As for the origins of suburbia, you can date it back to the beginning of city-based civilization, though the form certainly has changed and will continue to do so. Ancient Rome was ringed by patrician villas, after all. What's happened is that ersatz-rural living has become increasingly feasible to a wider class of people over the centuries thanks to progressively cheaper energy (cars and appliances replacing armies of servants and expensive stables) and less land-based warfare (can't remember the last time a band of raiders raped and pillaged a village in the developed world). First only the patricians and aristocrats could do it (preindustrial suburbia). Then the industrialists and robber barons could do it; i.e. you no longer had to be a brahmin (railroad suburbs). Then the mere upper class - doctors, lawyers, engineers - could do it (streetcar suburbs). Then even the lower middle classes - the factory workers and schoolteachers - could do it (auto suburbia). Finally in the last couple of decades, due to various programs and experiments, we've made it so that even the poorest - including even some on welfare - could increasingly get garden apartments in the suburbs. The ersatz-rural living ideal has been expanded to cover virtually the entire spectrum of society, in this country at least. Whether this broad accessibility can continue in the future is an open question.

    To me the more interesting question, because it gets into cool sci-fi speculation, is "what will the future of suburbia be?" Unfortunately right now there are some incredibly ludicrous fantasies flying around the "cutting edge" architectural ghettos: they constantly fantasize about a reincarnation of the old "tower in the park." Ridiculous. This stuff died in the real world but it lives on in the schools.
    Last edited by marcszar; 29 Nov 2012 at 5:18 PM.

  7. #7
    Cyburbian Linda_D's avatar
    Registered
    Nov 2006
    Location
    Jamestown, New York
    Posts
    1,635
    Excellent post, marcszar! I'm primarily focused on the US and didn't think of the non-US angle at all. Certainly the ideal of the people who till the soil having ownership of it has been a universal one for centuries at least. It's certainly been an impetus for migration to the New World and revolution in the Old.

    One interesting historical/cultural difference between the US and Europe in regards to cities: in Europe, the town or city represented freedom while in the US, it's been the countryside, the "wide open spaces" that represented freedom.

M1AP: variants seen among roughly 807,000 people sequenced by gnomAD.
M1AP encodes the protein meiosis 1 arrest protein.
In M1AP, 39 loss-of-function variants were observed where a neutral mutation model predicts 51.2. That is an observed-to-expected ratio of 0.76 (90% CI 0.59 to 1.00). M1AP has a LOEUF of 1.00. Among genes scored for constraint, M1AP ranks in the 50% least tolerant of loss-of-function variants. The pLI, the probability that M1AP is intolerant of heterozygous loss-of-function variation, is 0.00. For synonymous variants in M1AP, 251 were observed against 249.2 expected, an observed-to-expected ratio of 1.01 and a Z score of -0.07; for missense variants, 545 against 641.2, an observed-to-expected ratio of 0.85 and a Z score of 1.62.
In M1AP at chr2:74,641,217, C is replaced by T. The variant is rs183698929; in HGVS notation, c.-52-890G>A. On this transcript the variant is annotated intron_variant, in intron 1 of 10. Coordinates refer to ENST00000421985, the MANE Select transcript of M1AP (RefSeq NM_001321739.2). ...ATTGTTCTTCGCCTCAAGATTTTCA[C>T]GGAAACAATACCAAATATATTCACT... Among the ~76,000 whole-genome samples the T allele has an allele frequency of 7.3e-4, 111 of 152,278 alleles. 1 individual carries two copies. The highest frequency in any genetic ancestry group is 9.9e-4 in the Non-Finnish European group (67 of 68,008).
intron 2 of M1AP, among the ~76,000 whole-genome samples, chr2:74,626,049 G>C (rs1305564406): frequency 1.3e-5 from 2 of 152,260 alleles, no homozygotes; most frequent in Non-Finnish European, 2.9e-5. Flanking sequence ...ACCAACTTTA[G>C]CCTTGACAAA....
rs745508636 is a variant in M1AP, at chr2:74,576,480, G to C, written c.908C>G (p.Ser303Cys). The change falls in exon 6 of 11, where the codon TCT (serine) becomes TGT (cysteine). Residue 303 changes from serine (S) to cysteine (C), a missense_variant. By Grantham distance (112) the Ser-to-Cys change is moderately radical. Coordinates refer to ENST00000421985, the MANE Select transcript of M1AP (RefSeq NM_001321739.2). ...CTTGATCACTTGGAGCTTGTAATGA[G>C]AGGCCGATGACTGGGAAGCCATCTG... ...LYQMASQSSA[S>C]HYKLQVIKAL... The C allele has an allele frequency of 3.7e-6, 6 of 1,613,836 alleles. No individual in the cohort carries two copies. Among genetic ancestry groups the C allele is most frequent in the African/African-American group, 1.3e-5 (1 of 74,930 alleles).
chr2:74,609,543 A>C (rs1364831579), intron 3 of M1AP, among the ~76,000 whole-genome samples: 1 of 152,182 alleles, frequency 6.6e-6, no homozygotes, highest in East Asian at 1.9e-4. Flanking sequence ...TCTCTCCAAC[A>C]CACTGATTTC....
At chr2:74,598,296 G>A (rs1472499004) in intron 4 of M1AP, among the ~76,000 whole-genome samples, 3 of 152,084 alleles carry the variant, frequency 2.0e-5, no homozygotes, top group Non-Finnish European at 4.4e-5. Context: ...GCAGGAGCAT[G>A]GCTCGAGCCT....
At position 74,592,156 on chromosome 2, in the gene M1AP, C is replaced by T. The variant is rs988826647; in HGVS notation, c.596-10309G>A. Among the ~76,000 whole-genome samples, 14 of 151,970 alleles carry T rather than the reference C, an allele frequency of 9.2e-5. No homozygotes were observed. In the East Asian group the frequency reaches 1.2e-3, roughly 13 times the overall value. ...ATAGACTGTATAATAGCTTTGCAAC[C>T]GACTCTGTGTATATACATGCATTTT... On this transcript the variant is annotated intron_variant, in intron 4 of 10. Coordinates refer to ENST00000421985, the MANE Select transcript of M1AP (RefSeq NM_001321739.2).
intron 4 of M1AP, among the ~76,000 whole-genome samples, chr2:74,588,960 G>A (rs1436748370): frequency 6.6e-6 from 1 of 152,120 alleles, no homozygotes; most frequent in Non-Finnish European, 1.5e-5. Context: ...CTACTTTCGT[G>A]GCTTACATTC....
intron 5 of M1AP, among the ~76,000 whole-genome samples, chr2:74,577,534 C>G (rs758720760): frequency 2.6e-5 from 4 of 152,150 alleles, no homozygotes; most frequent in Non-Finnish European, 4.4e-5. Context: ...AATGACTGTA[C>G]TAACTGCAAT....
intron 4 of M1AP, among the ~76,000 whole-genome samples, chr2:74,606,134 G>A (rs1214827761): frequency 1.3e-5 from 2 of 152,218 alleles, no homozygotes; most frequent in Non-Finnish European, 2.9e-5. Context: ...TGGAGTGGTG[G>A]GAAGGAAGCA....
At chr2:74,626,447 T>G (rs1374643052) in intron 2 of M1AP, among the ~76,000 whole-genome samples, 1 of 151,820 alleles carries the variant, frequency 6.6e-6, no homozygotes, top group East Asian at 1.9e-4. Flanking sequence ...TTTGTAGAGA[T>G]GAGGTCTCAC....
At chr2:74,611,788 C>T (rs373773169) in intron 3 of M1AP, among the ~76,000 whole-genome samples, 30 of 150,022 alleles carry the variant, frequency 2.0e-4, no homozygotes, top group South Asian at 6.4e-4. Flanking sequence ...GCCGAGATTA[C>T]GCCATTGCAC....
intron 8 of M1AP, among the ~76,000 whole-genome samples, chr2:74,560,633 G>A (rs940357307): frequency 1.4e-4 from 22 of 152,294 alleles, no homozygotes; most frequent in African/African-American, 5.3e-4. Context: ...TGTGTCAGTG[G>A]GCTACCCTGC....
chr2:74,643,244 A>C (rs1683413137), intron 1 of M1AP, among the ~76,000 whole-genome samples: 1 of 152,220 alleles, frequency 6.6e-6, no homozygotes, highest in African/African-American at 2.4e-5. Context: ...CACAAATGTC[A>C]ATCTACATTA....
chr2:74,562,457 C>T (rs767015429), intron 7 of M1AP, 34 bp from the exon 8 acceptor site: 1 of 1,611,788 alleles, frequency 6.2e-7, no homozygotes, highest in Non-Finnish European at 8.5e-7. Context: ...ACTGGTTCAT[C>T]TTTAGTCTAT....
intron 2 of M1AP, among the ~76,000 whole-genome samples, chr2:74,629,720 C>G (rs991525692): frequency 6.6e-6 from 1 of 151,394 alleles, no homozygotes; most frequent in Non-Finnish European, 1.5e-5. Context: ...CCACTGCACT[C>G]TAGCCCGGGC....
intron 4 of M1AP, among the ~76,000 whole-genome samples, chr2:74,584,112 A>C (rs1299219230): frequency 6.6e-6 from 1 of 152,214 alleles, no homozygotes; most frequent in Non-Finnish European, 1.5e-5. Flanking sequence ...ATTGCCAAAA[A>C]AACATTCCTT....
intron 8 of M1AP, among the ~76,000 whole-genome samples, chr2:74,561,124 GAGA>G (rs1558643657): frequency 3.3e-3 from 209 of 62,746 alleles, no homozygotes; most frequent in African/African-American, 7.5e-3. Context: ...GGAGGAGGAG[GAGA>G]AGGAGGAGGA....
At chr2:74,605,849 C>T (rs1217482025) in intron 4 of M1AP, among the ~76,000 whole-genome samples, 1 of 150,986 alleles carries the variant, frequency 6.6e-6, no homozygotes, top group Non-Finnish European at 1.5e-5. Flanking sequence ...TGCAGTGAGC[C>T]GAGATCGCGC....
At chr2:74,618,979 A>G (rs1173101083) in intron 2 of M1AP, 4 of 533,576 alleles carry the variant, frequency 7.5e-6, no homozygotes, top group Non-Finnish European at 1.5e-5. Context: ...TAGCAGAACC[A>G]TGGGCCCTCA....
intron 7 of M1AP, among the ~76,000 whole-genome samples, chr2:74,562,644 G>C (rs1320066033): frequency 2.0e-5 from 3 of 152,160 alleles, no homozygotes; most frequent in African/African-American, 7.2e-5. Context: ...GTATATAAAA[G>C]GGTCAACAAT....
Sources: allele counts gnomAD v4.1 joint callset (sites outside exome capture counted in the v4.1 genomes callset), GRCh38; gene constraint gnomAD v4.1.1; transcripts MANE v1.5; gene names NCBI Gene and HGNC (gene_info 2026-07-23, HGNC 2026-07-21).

In medieval times, independent towns with stout walls were their own little states free from control local warlords and even from the king (think of London's defiance or support of several English kings determining whether they kept their crowns or lost their heads). Serfs who escaped to towns and remained free for a year and a day gained their freedom. With almost all land in Europe owned by the nobility, the church, and the king, towns were the only place that ordinary people could prosper. Merchants and craftsmen in London and York and Bruges and Paris could become wealthy men.

    In the US, the virtues of living in the country, especially of farming, have long been extolled. You can start with Jefferson's idealization of the "yeoman farmer" and continue through the angst created in the popular mind by the official "end of the frontier" as per the 1890 census to the present day desire of some very well educated urban people to "live off the grid", perhaps in Alaska. We have lots of "sin cities" around the country (my friends who live in the country in the next county are convinced that Jamestown is wall-to-wall drug dealers when, in fact, their next door neighbors are suspected of maintaining the marijuana "farm" that the State Police raided last summer while mine are just ordinary working people). The quintessential American hero is the cowboy. Who could represent freedom better in the American mind?
    If a free society cannot help the many who are poor, it cannot save the few who are rich. -- John F. Kennedy, January 20, 1961

  8. #8
    Cyburbian Wannaplan?'s avatar
    Registered
    Aug 2001
    Location
    Gale Crater
    Posts
    2,842
    We need a Robert Fishman reader for this thread. An example:

    "...the tract mansions of Orange County, China represent the cultural hegemony of the dominant global power."

    From Global Suburbs, page 7.

  9. #9
    Cyburbian Linda_D's avatar
    Registered
    Nov 2006
    Location
    Jamestown, New York
    Posts
    1,635
    Quote Originally posted by Wannaplan? View post
    We need a Robert Fishman reader for this thread. An example:

    "...the tract mansions of Orange County, China represent the cultural hegemony of the dominant global power."

    From Global Suburbs, page 7.
    Interesting read. Thanks.
    If a free society cannot help the many who are poor, it cannot save the few who are rich. -- John F. Kennedy, January 20, 1961

+ Reply to thread

More at Cyburbia

  1. So when does Spring begin ?
    Friday Afternoon Club
    Replies: 21
    Last post: 25 Feb 2013, 8:18 PM
  2. Replies: 32
    Last post: 11 Oct 2012, 7:45 PM
  3. Replies: 29
    Last post: 22 Mar 2006, 3:10 PM
  4. Replies: 31
    Last post: 04 Oct 2005, 5:27 PM
  5. Where to begin?
    Career Development and Advice
    Replies: 0
    Last post: 28 Mar 2005, 10:56 PM